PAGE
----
We want to see action on local content quotas for scripted content and more investment in early development, in order for the Australian screen industry to thrive. This will result in a local sector that supports emerging writers and allows them to develop their careers in Australia instead of being forced to work in overseas markets, such as the US and the UK, in order to maintain consistent screenwriting careers. Local content quotas mean there will be more pathways to commissioning. The Guild’s fight for fair remuneration and respect for the writer’s role in the creative process will allow Australia to retain the creative talent that we need to export globally competitive screen products.  

MATT: The industry’s ability to adapt to and prosper in uncertain circumstances has shone through over the last 18 months and we are in a great position to capitalise on Australian and international audiences’ increasing appetite for content-rich digital services. Government settings are crucial for our sector, and we are anticipating some key decisions in the coming 6 months that, if properly calibrated, could set up the local sector for strong and sustainable growth. 

This article first appeared on ContentCafe


Damages sought against PrimeWire piracy site which claims to operate under the laws of the “Klingon Empire”

PrimeWire’s revenue is sourced via advertising and it offers a massive library of unrestricted on-demand movies. Trial by jury will make available damages of US$150,000 per instance.

PrimeWire’s click-through offers have been deemed to be very risky with insufficient security protections and the site encourages users to use VPN’s to ensure that “the government and the NSA can’t spy on you.” In case of any doubt that the operators understand what they are doing is illegal, the site’s “Legal Stuff” (sic) header claims that the governing law under which the site operates “will be that of The Klingon Empire.”

A jury trial has been demanded and damages sought in a copyright infringement complaint filed by several major studios and Netflix, against ten individuals operating a group of Web sites and IP addresses identified collectively as “PrimeWire,”  said to be one of the most popular illegal sites in the United States.

According to the complaint, the PrimeWire sites receive more than 20 million visits per month from US users alone, who constitute about half of total visitors.  PrimeWire offers content illegally through streaming and download.  At the time of this writing, PrimeWire is still active.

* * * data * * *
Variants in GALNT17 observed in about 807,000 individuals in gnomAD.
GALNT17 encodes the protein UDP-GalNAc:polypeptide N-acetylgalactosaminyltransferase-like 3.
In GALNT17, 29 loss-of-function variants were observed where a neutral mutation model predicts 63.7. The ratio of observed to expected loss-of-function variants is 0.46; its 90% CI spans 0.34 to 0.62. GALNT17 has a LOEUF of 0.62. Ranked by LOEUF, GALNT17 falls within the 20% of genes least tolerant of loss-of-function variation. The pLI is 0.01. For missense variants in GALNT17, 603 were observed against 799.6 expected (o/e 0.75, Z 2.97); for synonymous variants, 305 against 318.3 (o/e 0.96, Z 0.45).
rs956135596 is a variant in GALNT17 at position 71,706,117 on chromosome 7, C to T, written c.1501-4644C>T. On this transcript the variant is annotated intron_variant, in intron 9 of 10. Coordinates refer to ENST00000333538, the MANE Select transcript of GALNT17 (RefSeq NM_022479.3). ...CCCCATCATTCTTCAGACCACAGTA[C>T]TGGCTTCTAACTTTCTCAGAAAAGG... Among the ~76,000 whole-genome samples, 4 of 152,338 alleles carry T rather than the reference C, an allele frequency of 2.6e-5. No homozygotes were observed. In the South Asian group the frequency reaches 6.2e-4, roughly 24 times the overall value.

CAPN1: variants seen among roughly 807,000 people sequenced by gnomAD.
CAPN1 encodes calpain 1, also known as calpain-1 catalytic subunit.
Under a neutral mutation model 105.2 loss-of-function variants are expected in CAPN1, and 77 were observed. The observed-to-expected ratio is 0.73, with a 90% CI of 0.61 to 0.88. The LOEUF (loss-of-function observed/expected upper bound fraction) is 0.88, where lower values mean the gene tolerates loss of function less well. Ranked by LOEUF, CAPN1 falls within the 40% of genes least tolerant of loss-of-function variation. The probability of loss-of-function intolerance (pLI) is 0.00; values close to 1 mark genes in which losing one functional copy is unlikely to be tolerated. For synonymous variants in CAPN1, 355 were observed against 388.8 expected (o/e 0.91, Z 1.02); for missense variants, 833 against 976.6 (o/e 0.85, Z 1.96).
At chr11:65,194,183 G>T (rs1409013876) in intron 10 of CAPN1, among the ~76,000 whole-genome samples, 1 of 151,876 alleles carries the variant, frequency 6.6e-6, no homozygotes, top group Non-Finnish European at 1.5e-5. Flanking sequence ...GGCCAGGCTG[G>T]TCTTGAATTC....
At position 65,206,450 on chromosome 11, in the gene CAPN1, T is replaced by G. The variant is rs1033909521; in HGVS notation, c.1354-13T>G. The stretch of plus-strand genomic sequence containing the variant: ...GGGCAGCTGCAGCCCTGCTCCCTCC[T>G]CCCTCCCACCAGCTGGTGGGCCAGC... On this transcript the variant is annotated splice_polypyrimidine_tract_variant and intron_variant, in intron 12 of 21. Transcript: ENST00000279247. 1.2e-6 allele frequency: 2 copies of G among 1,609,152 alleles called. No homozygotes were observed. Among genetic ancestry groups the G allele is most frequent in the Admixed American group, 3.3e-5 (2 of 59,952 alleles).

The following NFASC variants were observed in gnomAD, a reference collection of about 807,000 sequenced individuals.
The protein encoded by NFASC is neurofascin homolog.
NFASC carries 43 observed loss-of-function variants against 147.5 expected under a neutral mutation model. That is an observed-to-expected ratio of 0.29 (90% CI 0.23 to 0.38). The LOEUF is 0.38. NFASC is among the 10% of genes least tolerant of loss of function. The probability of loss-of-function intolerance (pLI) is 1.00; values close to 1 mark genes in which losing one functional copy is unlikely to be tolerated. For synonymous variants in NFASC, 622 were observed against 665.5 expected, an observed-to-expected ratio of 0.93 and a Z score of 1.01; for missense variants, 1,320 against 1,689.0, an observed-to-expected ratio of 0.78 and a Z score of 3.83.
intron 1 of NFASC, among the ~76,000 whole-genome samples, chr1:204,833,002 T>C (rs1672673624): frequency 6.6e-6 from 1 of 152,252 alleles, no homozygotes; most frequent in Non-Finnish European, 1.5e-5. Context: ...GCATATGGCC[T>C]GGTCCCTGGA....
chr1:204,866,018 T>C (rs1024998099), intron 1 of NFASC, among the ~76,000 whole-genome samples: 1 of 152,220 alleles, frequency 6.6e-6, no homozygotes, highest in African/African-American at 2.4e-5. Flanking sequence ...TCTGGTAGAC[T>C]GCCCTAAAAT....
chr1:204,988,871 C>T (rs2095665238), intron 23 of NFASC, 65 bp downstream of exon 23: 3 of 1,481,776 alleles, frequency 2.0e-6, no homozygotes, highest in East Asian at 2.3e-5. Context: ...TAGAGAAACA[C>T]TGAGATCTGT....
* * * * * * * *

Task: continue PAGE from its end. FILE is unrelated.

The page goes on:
PrimeWire’s operation offers a large library of copyrighted works, including current releases like Ghostbusters (Columbia Pictures, 2021) and Encanto (Disney, 2021).

Service Model

US consumers targeted by PrimeWire get unrestricted on-demand access movies at no charge. PrimeWire’s business model is to capture revenue by selling advertising on the site, and through click-throughs to offers presented on the site – such as VPN services.

Releases available on PrimeWire also violate studio release windows and may be lawfully viewed only through legitimate streaming services.

Examples identified in the complaint include Disney’s Cruella (2021), Universal’s Dear Evan Hansen (2021), and Paramount’s Clifford the Big Red Dog (2021), “all of which were first released in theaters and for authorized on-demand streaming at the same time.”


Massive risk to users


Visitors who attempt to search PrimeWire’s catalog are likely open to attack, although the complaint makes no mention of such efforts.  ISPs that detect insufficient security protections may present warnings to potential visitors, such as the one below.  Note that the site identified in the warning did not have a domain name that included the word ‘primewire.’


The same is the case when a visitor attempts to click through an ad for a VPN service.

The defendants know, but they do it anyway

In the complaint, the individuals behind PrimeWire are identified as ‘John Does,’ because they have concealed their identities, hiding behind aliases such as ‘Dev_Team,’ ‘Silverrain,’ ‘Fugitive,’ and using stock images and fake locations such as ‘Valyria, Earth’ in their profiles, and provide false identification in their domain registrations (although one hosting provider lists PrimeWire’s physical location in Seychelles).

PrimeWire also encourages their site visitors to do the same by using a VPN, to help ensure that ‘the government and the NSA can’t spy on you.”  And they get click-through revenue from the VPN referrals.


“Legal Stuff”


PrimeWire’s “Legal Stuff” (their term) says that the governing law under which the site operates “will be that of The Klingon Empire.”


The complaint itself


Read the Complaint (Case 2:21-CV-09317), filed in the US District Court of the Central District of California, Western Division